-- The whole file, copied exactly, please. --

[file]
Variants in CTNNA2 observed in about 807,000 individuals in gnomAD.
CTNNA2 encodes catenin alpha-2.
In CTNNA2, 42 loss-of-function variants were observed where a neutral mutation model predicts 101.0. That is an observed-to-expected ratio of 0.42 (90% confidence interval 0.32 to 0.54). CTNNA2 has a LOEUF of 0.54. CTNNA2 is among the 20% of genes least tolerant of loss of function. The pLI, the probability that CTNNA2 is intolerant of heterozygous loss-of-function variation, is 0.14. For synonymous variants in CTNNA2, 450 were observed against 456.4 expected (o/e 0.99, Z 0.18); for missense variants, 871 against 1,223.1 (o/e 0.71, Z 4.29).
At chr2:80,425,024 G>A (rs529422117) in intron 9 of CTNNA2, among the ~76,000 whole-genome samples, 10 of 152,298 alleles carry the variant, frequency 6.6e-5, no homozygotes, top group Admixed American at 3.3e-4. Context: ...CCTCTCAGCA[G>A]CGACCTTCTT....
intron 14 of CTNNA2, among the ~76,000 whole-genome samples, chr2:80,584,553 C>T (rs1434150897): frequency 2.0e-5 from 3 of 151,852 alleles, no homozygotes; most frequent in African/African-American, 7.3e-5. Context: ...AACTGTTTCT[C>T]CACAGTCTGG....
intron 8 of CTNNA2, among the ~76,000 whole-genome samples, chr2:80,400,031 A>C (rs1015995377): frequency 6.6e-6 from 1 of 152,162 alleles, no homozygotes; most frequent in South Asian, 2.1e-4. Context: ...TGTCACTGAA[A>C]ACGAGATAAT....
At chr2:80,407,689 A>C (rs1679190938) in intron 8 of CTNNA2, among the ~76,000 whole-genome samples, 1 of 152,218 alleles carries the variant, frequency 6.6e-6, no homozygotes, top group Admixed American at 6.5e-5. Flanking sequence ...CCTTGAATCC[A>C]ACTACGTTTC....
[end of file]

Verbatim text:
Variants in CTNNA2 observed in about 807,000 individuals in gnomAD.
CTNNA2 encodes catenin alpha-2.
In CTNNA2, 42 loss-of-function variants were observed where a neutral mutation model predicts 101.0. That is an observed-to-expected ratio of 0.42 (90% confidence interval 0.32 to 0.54). CTNNA2 has a LOEUF of 0.54. CTNNA2 is among the 20% of genes least tolerant of loss of function. The pLI, the probability that CTNNA2 is intolerant of heterozygous loss-of-function variation, is 0.14. For synonymous variants in CTNNA2, 450 were observed against 456.4 expected (o/e 0.99, Z 0.18); for missense variants, 871 against 1,223.1 (o/e 0.71, Z 4.29).
At chr2:80,425,024 G>A (rs529422117) in intron 9 of CTNNA2, among the ~76,000 whole-genome samples, 10 of 152,298 alleles carry the variant, frequency 6.6e-5, no homozygotes, top group Admixed American at 3.3e-4. Context: ...CCTCTCAGCA[G>A]CGACCTTCTT....
intron 14 of CTNNA2, among the ~76,000 whole-genome samples, chr2:80,584,553 C>T (rs1434150897): frequency 2.0e-5 from 3 of 151,852 alleles, no homozygotes; most frequent in African/African-American, 7.3e-5. Context: ...AACTGTTTCT[C>T]CACAGTCTGG....
intron 8 of CTNNA2, among the ~76,000 whole-genome samples, chr2:80,400,031 A>C (rs1015995377): frequency 6.6e-6 from 1 of 152,162 alleles, no homozygotes; most frequent in South Asian, 2.1e-4. Context: ...TGTCACTGAA[A>C]ACGAGATAAT....
At chr2:80,407,689 A>C (rs1679190938) in intron 8 of CTNNA2, among the ~76,000 whole-genome samples, 1 of 152,218 alleles carries the variant, frequency 6.6e-6, no homozygotes, top group Admixed American at 6.5e-5. Flanking sequence ...CCTTGAATCC[A>C]ACTACGTTTC....